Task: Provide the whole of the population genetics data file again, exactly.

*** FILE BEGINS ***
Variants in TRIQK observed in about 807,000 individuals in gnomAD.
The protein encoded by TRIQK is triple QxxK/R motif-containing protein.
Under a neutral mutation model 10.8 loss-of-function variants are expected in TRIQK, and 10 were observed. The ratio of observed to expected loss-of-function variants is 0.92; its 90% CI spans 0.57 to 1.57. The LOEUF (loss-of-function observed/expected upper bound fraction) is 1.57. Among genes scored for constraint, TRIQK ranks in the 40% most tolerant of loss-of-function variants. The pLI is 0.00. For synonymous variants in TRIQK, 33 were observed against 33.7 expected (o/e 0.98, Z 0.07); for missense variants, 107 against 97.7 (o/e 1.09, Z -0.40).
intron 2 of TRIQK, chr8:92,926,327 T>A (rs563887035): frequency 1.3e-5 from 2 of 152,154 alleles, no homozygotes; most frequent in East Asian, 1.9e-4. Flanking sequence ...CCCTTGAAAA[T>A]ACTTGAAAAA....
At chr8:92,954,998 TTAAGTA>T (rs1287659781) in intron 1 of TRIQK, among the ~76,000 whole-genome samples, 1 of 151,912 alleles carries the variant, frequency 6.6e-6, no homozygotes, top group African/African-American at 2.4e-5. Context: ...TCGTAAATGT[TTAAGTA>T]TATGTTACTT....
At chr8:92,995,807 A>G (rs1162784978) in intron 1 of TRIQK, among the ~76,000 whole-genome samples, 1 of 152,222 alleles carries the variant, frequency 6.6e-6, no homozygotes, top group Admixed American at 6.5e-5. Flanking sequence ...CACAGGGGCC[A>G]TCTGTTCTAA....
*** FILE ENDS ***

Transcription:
Variants in TRIQK observed in about 807,000 individuals in gnomAD.
The protein encoded by TRIQK is triple QxxK/R motif-containing protein.
Under a neutral mutation model 10.8 loss-of-function variants are expected in TRIQK, and 10 were observed. The ratio of observed to expected loss-of-function variants is 0.92; its 90% CI spans 0.57 to 1.57. The LOEUF (loss-of-function observed/expected upper bound fraction) is 1.57. Among genes scored for constraint, TRIQK ranks in the 40% most tolerant of loss-of-function variants. The pLI is 0.00. For synonymous variants in TRIQK, 33 were observed against 33.7 expected (o/e 0.98, Z 0.07); for missense variants, 107 against 97.7 (o/e 1.09, Z -0.40).
intron 2 of TRIQK, chr8:92,926,327 T>A (rs563887035): frequency 1.3e-5 from 2 of 152,154 alleles, no homozygotes; most frequent in East Asian, 1.9e-4. Flanking sequence ...CCCTTGAAAA[T>A]ACTTGAAAAA....
At chr8:92,954,998 TTAAGTA>T (rs1287659781) in intron 1 of TRIQK, among the ~76,000 whole-genome samples, 1 of 151,912 alleles carries the variant, frequency 6.6e-6, no homozygotes, top group African/African-American at 2.4e-5. Context: ...TCGTAAATGT[TTAAGTA>T]TATGTTACTT....
At chr8:92,995,807 A>G (rs1162784978) in intron 1 of TRIQK, among the ~76,000 whole-genome samples, 1 of 152,222 alleles carries the variant, frequency 6.6e-6, no homozygotes, top group Admixed American at 6.5e-5. Flanking sequence ...CACAGGGGCC[A>G]TCTGTTCTAA....